What is another word for blather?

Pronunciation: [blˈaðə] (IPA)

"Blather" is a word that typically describes excessive and meaningless talk. Some synonyms for "blather" include babble, prattle, gibber, chatter, and jabber. All of these words describe a person talking in an endless and often incoherent manner. Other synonyms for "blather" could include rant, ramble, and drone, as these words also describe long and often pointless speeches. Additionally, the word "gush" could be used, as it implies a stream of talk that cannot be stopped. Whatever the word used, it is clear that "blather" is an annoying behavior that people often need to avoid.

Synonyms for Blather:

What are the hypernyms for Blather?

A hypernym is a word with a broad meaning that encompasses more specific words called hyponyms.

What are the hyponyms for Blather?

Hyponyms are more specific words categorized under a broader term, known as a hypernym.

What are the opposite words for blather?

Blather is a word that refers to meaningless or excessive chatter that is often difficult to understand. Its opposite or antonym words can be easily understood, simple, impactful or profound. Some examples of antonyms for blather are concise, eloquent, clear, articulate, meaningful, significant, and substantial. These words represent a more intentional and focused way of communicating, rather than wasting time with empty or vague phrases that have little meaning. Using antonyms for blather can help to improve communication, reduce misunderstandings, and create a more positive and productive work or personal environment.

What are the antonyms for Blather?

Usage examples for Blather

That is the worst of being in an Irish regiment, nothing can be done widout ever so much blather;" and Captain O'Grady stalked out of the orderly-room.
"With Moore At Corunna"
G. A. Henty
Here's a minx that's all but murdered me, and yet has the stark effrontery to blather about temper!
"A Woman Named Smith"
Marie Conway Oemler
It's a few women they want in parliament to stop their foolish blather.
"John Bull's Other Island"
George Bernard Shaw

Famous quotes with Blather

  • As advertising blather becomes the nation's normal idiom, language becomes printed noise.
    George Will
  • I heard Mather’s blather but it did not register as sense. I uttered, ain’t no crazier than any other religion around here.” That seemed to offend everyone equally. Good.
    Glen Cook
  • And now I want to tell you about my late Uncle Alex. He was my father’s kid brother, a childless graduate of Harvard who was an honest life insurance salesman in Indianapolis. He was well-read and wise. And his principal complaint about other human beings was that they so seldom noticed it when they were happy. So when we were drinking lemonade under an apple tree in the summer, say, and talking lazily about this and that, almost buzzing like honeybees, Uncle Alex would suddenly interrupt the agreeable blather to exclaim, So I do the same now, and so do my kids and grandkids. And I urge you to please notice when you are happy, and exclaim or murmur or think at some point,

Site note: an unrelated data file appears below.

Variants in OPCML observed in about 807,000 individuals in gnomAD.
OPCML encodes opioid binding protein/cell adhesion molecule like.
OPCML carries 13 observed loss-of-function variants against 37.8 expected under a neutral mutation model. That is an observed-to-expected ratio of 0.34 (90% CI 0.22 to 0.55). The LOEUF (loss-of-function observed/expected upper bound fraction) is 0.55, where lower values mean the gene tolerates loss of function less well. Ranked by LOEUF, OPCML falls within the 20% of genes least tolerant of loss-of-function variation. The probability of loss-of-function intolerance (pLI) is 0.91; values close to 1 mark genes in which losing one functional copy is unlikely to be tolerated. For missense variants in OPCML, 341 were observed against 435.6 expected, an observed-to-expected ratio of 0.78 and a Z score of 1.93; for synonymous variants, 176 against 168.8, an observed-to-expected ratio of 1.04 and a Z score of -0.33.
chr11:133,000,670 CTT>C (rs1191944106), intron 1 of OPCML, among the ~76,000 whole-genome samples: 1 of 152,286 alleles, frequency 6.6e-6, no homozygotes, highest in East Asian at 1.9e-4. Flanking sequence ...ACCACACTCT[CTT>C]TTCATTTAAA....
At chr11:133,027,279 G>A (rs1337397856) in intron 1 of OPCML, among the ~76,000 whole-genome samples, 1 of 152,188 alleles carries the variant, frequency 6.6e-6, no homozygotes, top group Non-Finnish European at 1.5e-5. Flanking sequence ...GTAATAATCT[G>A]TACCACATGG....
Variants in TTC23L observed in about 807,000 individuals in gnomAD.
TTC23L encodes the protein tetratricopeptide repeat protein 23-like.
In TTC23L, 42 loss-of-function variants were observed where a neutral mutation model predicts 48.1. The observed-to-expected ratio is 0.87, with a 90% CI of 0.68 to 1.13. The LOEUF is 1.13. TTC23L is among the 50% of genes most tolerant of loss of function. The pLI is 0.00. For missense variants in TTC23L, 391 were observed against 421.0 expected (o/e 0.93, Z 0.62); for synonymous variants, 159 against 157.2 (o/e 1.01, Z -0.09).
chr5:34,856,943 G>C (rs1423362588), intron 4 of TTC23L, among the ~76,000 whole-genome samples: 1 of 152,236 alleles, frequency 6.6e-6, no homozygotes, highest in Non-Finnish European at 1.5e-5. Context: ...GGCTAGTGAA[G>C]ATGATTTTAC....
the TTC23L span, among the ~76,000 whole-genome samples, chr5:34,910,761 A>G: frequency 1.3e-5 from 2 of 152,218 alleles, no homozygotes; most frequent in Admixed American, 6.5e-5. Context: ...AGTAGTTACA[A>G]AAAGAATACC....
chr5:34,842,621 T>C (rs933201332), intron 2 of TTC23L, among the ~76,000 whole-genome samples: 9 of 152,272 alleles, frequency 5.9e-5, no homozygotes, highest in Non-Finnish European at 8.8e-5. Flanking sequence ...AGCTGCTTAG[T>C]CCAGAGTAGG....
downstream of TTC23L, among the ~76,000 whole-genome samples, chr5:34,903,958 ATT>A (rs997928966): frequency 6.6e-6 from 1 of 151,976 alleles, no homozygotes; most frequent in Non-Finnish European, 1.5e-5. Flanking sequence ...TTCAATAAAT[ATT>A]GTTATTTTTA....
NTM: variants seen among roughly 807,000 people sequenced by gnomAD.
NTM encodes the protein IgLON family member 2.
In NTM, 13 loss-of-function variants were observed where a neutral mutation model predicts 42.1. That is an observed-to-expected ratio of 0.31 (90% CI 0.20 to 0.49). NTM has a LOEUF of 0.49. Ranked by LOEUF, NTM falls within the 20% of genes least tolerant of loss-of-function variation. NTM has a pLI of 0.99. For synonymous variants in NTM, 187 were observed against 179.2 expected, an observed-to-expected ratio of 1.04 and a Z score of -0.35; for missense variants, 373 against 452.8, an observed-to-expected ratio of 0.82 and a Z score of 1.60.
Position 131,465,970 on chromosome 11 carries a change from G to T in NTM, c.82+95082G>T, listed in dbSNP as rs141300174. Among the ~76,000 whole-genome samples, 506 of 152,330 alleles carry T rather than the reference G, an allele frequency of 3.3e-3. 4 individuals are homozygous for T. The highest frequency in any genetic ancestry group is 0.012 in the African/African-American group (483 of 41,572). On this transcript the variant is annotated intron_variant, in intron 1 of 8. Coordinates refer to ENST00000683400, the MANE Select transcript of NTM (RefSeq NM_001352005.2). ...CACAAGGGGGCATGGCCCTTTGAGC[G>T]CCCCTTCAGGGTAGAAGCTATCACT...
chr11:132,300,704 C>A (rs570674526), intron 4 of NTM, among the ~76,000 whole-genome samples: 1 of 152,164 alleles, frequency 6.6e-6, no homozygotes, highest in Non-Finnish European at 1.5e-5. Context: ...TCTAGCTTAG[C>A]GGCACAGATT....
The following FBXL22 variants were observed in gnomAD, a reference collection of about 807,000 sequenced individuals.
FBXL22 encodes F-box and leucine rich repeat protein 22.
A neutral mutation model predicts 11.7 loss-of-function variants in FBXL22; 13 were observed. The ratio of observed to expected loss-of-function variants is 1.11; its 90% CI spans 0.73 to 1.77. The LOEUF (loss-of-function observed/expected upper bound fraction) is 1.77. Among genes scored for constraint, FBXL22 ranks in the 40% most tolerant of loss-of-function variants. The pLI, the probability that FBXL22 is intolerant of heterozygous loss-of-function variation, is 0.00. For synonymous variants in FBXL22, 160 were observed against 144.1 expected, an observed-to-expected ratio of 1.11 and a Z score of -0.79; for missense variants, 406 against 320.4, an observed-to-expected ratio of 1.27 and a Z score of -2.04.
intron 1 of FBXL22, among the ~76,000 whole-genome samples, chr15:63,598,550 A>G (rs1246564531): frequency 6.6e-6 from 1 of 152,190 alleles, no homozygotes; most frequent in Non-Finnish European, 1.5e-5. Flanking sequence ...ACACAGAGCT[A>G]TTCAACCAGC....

Kurt Vonnegut
  • Of course politics is an interesting and engrossing thing. It offers no immutable laws, nearly always prevaricates, but as far as blather and sharpening the mind go, it provides inexhaustible material.
    Anton Chekhov
  • The most curious social convention of the great age in which we live is the one to the effect that religious opinions should be respected. Its evil effects must be plain enough to everyone.There is, in fact, nothing about religious opinions that entitles them to any more respect than other opinions get. On the contrary, they tend to be noticeably silly.No, there is nothing notably dignified about religious ideas. They run, rather, to a peculiarly puerile and tedious kind of nonsense. At their best, they are borrowed from metaphysicians, which is to say, from men who devote their lives to proving that twice two is not always or necessarily four. At their worst, they smell of spiritualism and fortune telling. Nor is there any visible virtue in the men who merchant them professionally. Few theologians know anything that is worth knowing, even about theology, and not many of them are honest.But the average theologian is a hearty, red-faced, well-fed fellow with no discernible excuse in pathology. He disseminates his blather, not innocently, like a philosopher, but maliciously, like a politician. In a well-organized world he would be on the stone-pile. But in the world as it exists we are asked to listen to him, not only politely, but even reverently, and with our mouths open.
    H. L. Mencken

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